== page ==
It is more than an ordinary exhibition. This is serious stuff – it is the Jurassic Research Centre (JRC) at Komtar, Penang, where dinosaurs are free to roam again.

Within its own natural habitat in the Jurassic Park, every single dinosaur that you see here comes alive.

Be warned! You may find yourself face-to-face with a fearsome T-rex or ravenous little raptors.

I was of course sceptical when ‘Professor’ Harith Iskandar gave a brief introduction about the do’s and don’ts of JRC on video. After all, this whole place was meant for children.

This is why we nearly gave it the skip when we were planning the holiday trip to Penang. I thought this was just another one of those dinosaur exhibitions we have visited either at the National Science Centre or at Avenue K in the past, now making its appearance at Komtar.

These exhibitions never made a lasting impact on me. We are too familiar with the usually life-size dinosaurs that are displayed in museum settings that we would not want to visit it again.

But after walking through the JRC, I came out feeling that this was as real as it could appear, as if it is a real research centre where scientists are experimenting with the biggest creatures that once roamed this Earth.

Here is where the adrenaline starts pumping into your blood stream, when you see the scientists at JRC ‘incubating’ dinosaur eggs with little dinosaurs starting to emerge through the cracks.

One of the laboratory staff was in fact holding the baby dinosaur but did my eyes play tricks on me? A baby dinosaur that would eventually outgrow us in size? Yes, a baby dinosaur! Behind the lady was a full-grown dinosaur being measured its weight and size.

All this transported my imagination into a totally new dimension where dinosaurs came alive. This is what a museum or exhibition would not be able to impart to its visitors, compared to this JRC at Komtar.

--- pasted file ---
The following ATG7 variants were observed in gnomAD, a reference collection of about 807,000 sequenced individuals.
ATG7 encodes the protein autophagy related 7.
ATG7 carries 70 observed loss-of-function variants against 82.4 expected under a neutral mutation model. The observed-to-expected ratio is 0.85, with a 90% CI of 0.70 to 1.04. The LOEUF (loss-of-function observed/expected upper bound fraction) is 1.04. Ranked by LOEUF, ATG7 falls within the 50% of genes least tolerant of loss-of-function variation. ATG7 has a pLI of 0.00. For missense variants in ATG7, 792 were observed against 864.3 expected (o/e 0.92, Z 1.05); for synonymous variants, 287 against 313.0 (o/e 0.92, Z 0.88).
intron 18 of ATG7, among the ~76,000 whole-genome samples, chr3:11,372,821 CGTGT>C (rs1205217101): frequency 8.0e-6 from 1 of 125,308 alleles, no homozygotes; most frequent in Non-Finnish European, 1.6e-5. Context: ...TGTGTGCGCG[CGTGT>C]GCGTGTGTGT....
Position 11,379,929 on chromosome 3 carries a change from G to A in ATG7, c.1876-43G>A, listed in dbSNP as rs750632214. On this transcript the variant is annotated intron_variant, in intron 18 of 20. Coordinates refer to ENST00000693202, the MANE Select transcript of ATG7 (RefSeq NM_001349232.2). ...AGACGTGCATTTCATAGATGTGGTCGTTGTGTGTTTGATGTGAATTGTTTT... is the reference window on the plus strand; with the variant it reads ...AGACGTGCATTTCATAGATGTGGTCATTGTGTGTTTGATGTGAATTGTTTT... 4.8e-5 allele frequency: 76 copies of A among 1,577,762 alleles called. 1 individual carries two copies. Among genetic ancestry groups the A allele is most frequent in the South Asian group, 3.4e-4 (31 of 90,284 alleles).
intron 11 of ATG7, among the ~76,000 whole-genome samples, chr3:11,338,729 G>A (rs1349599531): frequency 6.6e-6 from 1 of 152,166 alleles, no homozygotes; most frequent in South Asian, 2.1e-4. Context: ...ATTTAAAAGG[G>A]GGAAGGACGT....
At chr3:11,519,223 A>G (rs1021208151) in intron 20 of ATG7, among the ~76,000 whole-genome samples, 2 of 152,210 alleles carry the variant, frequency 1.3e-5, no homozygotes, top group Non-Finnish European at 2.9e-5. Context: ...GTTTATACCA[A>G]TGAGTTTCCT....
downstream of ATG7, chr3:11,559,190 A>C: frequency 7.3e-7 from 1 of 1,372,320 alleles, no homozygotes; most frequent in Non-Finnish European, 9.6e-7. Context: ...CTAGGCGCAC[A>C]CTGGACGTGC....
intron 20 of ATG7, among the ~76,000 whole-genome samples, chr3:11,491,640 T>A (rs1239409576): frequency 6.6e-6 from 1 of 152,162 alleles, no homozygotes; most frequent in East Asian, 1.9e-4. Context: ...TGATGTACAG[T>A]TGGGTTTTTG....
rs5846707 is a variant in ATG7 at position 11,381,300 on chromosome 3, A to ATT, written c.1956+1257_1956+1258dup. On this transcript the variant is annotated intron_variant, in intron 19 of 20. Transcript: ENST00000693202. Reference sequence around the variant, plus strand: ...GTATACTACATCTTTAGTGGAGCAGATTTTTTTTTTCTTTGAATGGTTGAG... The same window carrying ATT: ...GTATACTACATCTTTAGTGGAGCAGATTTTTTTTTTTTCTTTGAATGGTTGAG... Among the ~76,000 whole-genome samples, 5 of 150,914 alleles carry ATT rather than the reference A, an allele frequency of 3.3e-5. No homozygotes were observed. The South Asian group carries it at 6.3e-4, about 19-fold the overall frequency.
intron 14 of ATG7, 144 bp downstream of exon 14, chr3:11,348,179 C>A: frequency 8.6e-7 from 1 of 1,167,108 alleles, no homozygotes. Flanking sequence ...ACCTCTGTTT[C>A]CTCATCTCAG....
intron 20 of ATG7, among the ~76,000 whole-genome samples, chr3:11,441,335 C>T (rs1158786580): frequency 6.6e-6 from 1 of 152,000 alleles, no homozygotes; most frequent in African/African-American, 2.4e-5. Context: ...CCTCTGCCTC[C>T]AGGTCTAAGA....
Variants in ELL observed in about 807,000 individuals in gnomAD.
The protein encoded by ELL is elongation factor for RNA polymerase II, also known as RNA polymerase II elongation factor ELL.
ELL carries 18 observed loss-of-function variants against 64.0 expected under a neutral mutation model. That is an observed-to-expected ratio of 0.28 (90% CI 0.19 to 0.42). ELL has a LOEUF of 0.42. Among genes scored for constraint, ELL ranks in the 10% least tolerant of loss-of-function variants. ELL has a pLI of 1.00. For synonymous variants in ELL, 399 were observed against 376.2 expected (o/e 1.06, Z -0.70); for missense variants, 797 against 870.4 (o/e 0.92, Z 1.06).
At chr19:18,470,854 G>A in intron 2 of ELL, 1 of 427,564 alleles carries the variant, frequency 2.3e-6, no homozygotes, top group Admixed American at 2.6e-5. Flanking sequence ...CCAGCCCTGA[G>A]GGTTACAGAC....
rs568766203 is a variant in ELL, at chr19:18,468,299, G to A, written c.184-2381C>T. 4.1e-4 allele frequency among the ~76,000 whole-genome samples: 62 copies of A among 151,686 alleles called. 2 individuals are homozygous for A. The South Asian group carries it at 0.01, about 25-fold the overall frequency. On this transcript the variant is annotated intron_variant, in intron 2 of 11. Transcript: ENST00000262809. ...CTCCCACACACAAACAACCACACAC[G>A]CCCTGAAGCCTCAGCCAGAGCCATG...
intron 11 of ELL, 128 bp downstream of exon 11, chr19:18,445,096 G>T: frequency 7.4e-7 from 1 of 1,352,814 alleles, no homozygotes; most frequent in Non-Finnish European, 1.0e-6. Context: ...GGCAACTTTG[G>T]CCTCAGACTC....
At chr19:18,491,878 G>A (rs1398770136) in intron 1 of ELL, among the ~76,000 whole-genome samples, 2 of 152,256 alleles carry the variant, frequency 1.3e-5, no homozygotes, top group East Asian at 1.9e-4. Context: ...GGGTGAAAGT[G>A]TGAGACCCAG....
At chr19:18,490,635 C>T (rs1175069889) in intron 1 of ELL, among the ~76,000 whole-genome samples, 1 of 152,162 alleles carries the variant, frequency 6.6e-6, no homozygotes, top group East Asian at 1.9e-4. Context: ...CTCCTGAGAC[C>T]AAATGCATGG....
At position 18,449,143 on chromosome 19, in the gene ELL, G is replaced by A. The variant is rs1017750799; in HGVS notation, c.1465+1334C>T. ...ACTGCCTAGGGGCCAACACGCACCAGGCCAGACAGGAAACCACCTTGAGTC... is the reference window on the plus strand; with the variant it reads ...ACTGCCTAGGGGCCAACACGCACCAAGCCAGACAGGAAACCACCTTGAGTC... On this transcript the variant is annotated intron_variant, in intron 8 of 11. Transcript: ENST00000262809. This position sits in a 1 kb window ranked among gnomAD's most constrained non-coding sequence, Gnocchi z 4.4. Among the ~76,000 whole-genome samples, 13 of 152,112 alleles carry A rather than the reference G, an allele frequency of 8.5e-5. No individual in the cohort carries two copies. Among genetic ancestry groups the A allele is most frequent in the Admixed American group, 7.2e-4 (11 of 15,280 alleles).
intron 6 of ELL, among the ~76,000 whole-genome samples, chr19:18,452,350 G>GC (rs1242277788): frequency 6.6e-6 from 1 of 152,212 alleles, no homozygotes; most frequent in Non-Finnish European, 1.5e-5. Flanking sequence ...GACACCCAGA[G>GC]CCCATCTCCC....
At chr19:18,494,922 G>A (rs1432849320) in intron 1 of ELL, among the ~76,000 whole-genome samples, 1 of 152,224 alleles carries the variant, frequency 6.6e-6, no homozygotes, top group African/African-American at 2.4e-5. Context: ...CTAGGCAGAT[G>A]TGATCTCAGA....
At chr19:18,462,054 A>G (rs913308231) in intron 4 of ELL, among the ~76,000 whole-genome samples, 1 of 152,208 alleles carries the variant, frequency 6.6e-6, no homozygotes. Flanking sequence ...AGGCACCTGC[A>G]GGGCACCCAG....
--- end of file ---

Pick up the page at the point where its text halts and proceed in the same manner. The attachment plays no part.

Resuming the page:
What appeared more realistic to me were the dinosaurs that were located outside Komtar building amid their natural habitat.

The sauropod with the long neck, otherwise known as the Brachiosaurus altithorax, was just too real to be true. The brachiosaurus is known to be the largest known dinosaur on earth and because of its long neck, it reminds me of giraffes.

I never knew that the triceratops (looking like the rhinoceros) are also herbivores; with their horn, they look fierce enough to attack any other dinosaurs, but interestingly, these triceratops could be easily hunted down by the fearsome carnotaurus whose bites are more powerful than its two small arms.

In fact, I could not tell the difference between the tyrannosaurus rex and the carnotaurus, but my son, who has been a fan of the dinosaurs from young told me that T-rex is slightly smaller in size. See video clip.

It shows one thing – the JRC has very high educational values for young children, teaching them to know how to identify the dinosaurs based on their characteristics.

I am truly impressed that I have to say this is the place that anyone visiting Penang, young and old alike, should not miss out.

The Jurassic Research Centre is located within Komtar building Georgetown